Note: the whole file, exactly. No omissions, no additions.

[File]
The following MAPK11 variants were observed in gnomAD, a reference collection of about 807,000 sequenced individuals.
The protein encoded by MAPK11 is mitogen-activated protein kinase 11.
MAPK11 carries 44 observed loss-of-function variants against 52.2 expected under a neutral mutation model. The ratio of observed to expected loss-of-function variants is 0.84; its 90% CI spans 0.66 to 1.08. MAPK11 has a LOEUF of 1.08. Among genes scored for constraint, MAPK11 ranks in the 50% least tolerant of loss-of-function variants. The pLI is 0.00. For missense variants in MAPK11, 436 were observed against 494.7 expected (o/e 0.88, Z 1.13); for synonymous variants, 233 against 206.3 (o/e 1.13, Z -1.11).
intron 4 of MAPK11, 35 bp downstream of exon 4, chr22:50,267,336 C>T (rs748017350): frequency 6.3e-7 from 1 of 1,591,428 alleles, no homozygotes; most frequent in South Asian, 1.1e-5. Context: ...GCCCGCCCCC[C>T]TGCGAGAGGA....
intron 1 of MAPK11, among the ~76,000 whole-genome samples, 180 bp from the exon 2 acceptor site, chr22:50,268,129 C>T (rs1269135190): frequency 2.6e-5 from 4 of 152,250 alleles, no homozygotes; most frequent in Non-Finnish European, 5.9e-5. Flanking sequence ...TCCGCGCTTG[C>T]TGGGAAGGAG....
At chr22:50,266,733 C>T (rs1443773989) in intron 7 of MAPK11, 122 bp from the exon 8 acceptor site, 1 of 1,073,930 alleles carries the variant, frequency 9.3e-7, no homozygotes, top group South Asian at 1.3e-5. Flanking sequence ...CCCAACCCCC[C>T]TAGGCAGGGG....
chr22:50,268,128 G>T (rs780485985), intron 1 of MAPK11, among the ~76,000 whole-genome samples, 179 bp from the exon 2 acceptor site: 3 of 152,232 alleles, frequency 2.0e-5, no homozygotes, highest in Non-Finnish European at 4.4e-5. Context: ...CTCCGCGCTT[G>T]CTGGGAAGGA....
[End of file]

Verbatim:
The following MAPK11 variants were observed in gnomAD, a reference collection of about 807,000 sequenced individuals.
The protein encoded by MAPK11 is mitogen-activated protein kinase 11.
MAPK11 carries 44 observed loss-of-function variants against 52.2 expected under a neutral mutation model. The ratio of observed to expected loss-of-function variants is 0.84; its 90% CI spans 0.66 to 1.08. MAPK11 has a LOEUF of 1.08. Among genes scored for constraint, MAPK11 ranks in the 50% least tolerant of loss-of-function variants. The pLI is 0.00. For missense variants in MAPK11, 436 were observed against 494.7 expected (o/e 0.88, Z 1.13); for synonymous variants, 233 against 206.3 (o/e 1.13, Z -1.11).
intron 4 of MAPK11, 35 bp downstream of exon 4, chr22:50,267,336 C>T (rs748017350): frequency 6.3e-7 from 1 of 1,591,428 alleles, no homozygotes; most frequent in South Asian, 1.1e-5. Context: ...GCCCGCCCCC[C>T]TGCGAGAGGA....
intron 1 of MAPK11, among the ~76,000 whole-genome samples, 180 bp from the exon 2 acceptor site, chr22:50,268,129 C>T (rs1269135190): frequency 2.6e-5 from 4 of 152,250 alleles, no homozygotes; most frequent in Non-Finnish European, 5.9e-5. Flanking sequence ...TCCGCGCTTG[C>T]TGGGAAGGAG....
At chr22:50,266,733 C>T (rs1443773989) in intron 7 of MAPK11, 122 bp from the exon 8 acceptor site, 1 of 1,073,930 alleles carries the variant, frequency 9.3e-7, no homozygotes, top group South Asian at 1.3e-5. Flanking sequence ...CCCAACCCCC[C>T]TAGGCAGGGG....
chr22:50,268,128 G>T (rs780485985), intron 1 of MAPK11, among the ~76,000 whole-genome samples, 179 bp from the exon 2 acceptor site: 3 of 152,232 alleles, frequency 2.0e-5, no homozygotes, highest in Non-Finnish European at 4.4e-5. Context: ...CTCCGCGCTT[G>T]CTGGGAAGGA....